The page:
Hello,  A couple of year ago, I drew the WS-19 HPU's frame.  Its could be
useful for some one else.  You could put it on your site as information

Thank you

Denis VE2DSH
Denis Chouinard Eng.





B-set operation with the 19-set radio

By Don Trueman VE4AY

I’ve been a radio amateur ( ve4ay) since about 1965. Being an impecunious tinkerer and interested in things military, the 19 set was fascinating and has kept my attention over the years.

I also acquired Canadian military jeeps, M-38 and M-38A1, 1952 and ‘53 respectively. I tell folks I have the jeeps to carry my 19 sets. A jeep is much like a motorcycle, but doesn’t fall over at stop signs. And a perfect home for 19 sets as well.

As a radio “ham”, the A-set portion of the 19-set is the main attraction, but I realized over the years and with some military vehicle experience, the A-set was the least element in the line-up.

Let me develop this a bit.

On the inside, army tanks are really noisy and the gun(s) add to the racket. Start with  hearing protection, and get the noise level down! Now you need an intercom (I/C) so the crew can talk amongst themselves, so build headphones into the hearing protection. The I/C is therefore the primary piece of the 19-set and is essential to the operation of the vehicle.

Now we need to talk with other tanks, and the B-set becomes the next most important element.

And lastly, the A-set for command instructions, or 49 meter band with music with Vera Lynn.

After several efforts to provide comms in antique military vehicle parades, the B-set caught my attention.

How to use it:

First off, don’t! It needs some mods and cautions. The original frequency is in an aviation assignment these days…sometimes you can hear aircraft comms. And you can interfere with them…not good. Never connect the original antenna to the B-set. Never.

Here we go…

Coil L11 has high voltage on it when the set is active and is dangerous.

Turn the power off! Short the coil to ground to discharge the circuit…(remember to make the ground side first, then to the coil). Now, squeeze the coil (L11A) on the tuning capacitor to close it up and shift the frequency down to the 225 Mhz amateur band. If you squeeze it too much you will hear video noise and FM audio from Ch 13 TV (maybe not now in the digital era).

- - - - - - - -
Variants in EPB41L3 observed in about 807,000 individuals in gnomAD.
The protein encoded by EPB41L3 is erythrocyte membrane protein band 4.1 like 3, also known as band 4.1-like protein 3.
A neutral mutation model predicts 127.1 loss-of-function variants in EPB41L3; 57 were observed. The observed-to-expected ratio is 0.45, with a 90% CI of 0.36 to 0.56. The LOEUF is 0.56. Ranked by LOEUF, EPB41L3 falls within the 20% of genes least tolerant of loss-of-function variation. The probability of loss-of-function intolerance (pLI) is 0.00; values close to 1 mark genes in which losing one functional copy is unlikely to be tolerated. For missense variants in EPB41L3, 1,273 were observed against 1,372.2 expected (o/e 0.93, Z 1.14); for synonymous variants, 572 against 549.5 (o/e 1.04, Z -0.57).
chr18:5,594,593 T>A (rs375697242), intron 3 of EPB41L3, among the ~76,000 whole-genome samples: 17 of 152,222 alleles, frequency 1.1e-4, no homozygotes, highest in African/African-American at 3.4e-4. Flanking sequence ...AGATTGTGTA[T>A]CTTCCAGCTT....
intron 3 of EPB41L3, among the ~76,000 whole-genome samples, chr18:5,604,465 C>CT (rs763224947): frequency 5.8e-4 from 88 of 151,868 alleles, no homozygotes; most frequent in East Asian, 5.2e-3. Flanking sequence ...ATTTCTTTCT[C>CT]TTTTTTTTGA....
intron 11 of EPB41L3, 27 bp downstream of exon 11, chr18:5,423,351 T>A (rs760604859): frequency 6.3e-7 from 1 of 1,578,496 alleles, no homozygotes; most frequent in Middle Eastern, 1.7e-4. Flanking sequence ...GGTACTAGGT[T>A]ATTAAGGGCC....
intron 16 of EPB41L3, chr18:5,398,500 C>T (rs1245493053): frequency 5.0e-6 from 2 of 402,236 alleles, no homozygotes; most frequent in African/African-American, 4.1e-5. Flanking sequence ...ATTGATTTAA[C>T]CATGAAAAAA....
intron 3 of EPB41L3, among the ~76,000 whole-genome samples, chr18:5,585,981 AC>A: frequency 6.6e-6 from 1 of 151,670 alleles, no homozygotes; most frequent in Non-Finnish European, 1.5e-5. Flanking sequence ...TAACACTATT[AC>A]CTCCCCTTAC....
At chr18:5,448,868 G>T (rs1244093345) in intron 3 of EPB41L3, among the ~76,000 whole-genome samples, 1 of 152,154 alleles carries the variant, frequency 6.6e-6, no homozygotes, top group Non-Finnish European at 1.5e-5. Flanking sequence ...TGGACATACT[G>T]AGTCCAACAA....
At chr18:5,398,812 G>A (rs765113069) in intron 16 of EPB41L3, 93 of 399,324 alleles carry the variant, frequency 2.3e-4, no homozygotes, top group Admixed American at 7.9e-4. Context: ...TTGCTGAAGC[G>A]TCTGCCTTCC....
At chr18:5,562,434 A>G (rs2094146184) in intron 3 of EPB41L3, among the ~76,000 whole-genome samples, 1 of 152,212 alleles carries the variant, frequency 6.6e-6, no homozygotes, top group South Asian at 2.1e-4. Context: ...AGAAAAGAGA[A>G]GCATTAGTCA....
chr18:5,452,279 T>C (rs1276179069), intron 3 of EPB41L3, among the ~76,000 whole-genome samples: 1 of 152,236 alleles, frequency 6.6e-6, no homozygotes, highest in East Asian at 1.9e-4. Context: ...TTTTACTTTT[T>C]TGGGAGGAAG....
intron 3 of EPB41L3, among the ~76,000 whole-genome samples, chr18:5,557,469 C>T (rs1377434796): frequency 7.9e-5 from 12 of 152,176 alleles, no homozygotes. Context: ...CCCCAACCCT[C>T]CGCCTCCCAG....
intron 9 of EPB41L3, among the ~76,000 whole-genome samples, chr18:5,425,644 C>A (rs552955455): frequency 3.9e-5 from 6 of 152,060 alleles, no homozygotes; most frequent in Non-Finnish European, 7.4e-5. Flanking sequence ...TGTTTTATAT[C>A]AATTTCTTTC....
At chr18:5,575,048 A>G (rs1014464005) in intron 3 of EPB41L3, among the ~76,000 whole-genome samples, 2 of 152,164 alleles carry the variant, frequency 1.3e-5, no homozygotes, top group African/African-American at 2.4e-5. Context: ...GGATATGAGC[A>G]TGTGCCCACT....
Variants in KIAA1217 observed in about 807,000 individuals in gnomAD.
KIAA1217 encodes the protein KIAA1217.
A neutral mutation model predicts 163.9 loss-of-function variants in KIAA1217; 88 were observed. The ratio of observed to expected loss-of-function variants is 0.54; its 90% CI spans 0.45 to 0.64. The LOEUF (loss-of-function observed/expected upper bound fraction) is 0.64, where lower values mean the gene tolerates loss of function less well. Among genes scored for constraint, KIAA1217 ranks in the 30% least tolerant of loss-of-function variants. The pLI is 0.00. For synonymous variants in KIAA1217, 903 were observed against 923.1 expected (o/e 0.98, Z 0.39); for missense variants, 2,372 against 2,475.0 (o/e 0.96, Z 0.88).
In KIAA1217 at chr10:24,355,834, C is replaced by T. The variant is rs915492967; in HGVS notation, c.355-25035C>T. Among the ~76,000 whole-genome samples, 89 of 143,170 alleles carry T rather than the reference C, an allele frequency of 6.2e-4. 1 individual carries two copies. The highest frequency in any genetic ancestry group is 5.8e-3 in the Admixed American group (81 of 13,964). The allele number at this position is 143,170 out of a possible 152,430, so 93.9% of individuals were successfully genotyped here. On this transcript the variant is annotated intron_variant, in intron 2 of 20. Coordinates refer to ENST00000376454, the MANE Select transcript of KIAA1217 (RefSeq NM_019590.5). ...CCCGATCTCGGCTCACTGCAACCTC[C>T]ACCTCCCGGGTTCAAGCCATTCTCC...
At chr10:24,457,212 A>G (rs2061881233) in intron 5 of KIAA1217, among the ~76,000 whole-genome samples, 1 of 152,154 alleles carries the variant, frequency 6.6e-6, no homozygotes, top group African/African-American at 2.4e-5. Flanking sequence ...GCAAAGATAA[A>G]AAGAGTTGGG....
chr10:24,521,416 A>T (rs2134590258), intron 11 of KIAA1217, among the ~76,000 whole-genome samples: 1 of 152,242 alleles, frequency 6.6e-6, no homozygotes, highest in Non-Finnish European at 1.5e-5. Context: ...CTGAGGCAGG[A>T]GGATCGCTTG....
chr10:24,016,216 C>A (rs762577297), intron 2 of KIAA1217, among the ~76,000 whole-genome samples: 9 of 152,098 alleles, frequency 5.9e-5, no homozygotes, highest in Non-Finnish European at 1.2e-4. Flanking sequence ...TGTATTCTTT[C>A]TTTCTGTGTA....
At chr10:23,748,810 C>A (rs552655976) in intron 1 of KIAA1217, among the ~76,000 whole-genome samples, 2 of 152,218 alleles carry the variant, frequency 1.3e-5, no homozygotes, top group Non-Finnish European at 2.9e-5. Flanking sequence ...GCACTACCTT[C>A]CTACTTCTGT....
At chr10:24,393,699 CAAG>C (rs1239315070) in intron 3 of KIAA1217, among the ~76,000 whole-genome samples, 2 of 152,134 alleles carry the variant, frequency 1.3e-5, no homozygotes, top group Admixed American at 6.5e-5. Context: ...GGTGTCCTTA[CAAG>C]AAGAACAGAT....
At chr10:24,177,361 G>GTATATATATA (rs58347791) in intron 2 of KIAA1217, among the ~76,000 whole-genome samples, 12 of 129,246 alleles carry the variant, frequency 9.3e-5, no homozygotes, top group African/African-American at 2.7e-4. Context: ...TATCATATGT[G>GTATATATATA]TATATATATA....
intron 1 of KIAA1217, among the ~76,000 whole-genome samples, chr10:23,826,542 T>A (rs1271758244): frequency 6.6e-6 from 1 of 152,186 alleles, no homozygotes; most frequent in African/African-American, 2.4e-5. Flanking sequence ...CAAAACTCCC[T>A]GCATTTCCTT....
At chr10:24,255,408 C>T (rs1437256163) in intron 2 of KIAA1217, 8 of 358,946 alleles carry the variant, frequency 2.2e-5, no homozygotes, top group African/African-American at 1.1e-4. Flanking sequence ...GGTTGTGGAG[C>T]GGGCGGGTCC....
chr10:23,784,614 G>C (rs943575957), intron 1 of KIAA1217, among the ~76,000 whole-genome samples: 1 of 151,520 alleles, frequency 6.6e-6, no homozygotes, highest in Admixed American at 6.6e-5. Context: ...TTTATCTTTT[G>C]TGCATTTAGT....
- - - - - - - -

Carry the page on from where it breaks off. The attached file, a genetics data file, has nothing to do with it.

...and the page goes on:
Squeezing may not be enough, add a “gimmick” cap on top of the coil…now, get a #1829 (24 volt) lamp bulb and fit it into the correct RF (PYE type, see pic) transmission line connector  and plug it into the B-set antenna connector. Now, when you hit the mic prezzle switch, the bulb will light up with RF energy. 

The attenuated signal won’t go far, maybe up and down your line of restored military vehicles in a parade. I used a 1829 lamp rather than a #47 or 6 volt lamp as the bulb resistance is higher.  I’m guessing that the ˝ wave (or multiple thereof) B-set coaxial line provides the impedance match to a half-wave antenna used in the normal B-set installs.

You should be aware that the B-set in the receive mode does radiate a low level signal and can interfere with aircraft radio if you have a B-set antenna connected. The #1829 bulb is a dummy load replacing the antenna and feedline, and in the amateur spectrum will probably be safe to use without interference to other systems or spectrum.

Now the interesting stuff.  I have an Icom R-7000 radio receiver which will tune to the B-set frequency. In the AM mode, reception of the B-set is terribly distorted, almost useless.

Tie your comms to a brick and toss it to your neighboring tank!

But when the R-7000 is switched to the narrow or better yet, wide FM mode, the audio is Q-5, great.. Well, I guess! The B-set sender is an oscillator being directly modulated…I put a spectrum analyzer close-by and the carrier is being frequency modulated as “incidental” modulation. The B-set amplitude modulation is difficult to recover, but I believe the B-set receive mode is good old FM slope detection.

The manual’s B-set tuning procedure/instructions are vague but seem to me to support this. The manual also doesn’t describe the type of system the B-set employs, just how to use it. Maybe I’ve always made the wrong assumption this was “AM”